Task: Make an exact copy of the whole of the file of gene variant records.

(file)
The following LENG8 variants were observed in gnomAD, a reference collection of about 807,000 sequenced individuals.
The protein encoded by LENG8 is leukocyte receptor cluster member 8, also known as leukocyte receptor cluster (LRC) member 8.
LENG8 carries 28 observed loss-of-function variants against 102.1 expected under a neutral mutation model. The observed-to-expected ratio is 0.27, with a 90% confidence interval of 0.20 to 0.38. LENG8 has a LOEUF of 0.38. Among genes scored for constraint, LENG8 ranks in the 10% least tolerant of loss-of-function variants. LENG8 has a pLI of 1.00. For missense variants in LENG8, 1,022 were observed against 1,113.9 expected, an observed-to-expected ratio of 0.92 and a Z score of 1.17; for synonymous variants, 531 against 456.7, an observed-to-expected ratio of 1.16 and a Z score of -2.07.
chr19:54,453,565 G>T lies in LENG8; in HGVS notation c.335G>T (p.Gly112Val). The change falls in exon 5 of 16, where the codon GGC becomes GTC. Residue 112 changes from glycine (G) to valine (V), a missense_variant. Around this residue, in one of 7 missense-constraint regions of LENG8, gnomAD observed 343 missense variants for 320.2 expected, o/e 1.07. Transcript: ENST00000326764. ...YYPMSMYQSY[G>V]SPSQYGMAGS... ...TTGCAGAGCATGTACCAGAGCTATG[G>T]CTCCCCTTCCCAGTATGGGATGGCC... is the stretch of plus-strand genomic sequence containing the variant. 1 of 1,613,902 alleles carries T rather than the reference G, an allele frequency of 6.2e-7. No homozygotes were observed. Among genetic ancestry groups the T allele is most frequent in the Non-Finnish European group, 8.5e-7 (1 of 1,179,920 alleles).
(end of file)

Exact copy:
The following LENG8 variants were observed in gnomAD, a reference collection of about 807,000 sequenced individuals.
The protein encoded by LENG8 is leukocyte receptor cluster member 8, also known as leukocyte receptor cluster (LRC) member 8.
LENG8 carries 28 observed loss-of-function variants against 102.1 expected under a neutral mutation model. The observed-to-expected ratio is 0.27, with a 90% confidence interval of 0.20 to 0.38. LENG8 has a LOEUF of 0.38. Among genes scored for constraint, LENG8 ranks in the 10% least tolerant of loss-of-function variants. LENG8 has a pLI of 1.00. For missense variants in LENG8, 1,022 were observed against 1,113.9 expected, an observed-to-expected ratio of 0.92 and a Z score of 1.17; for synonymous variants, 531 against 456.7, an observed-to-expected ratio of 1.16 and a Z score of -2.07.
chr19:54,453,565 G>T lies in LENG8; in HGVS notation c.335G>T (p.Gly112Val). The change falls in exon 5 of 16, where the codon GGC becomes GTC. Residue 112 changes from glycine (G) to valine (V), a missense_variant. Around this residue, in one of 7 missense-constraint regions of LENG8, gnomAD observed 343 missense variants for 320.2 expected, o/e 1.07. Transcript: ENST00000326764. ...YYPMSMYQSY[G>V]SPSQYGMAGS... ...TTGCAGAGCATGTACCAGAGCTATG[G>T]CTCCCCTTCCCAGTATGGGATGGCC... is the stretch of plus-strand genomic sequence containing the variant. 1 of 1,613,902 alleles carries T rather than the reference G, an allele frequency of 6.2e-7. No homozygotes were observed. Among genetic ancestry groups the T allele is most frequent in the Non-Finnish European group, 8.5e-7 (1 of 1,179,920 alleles).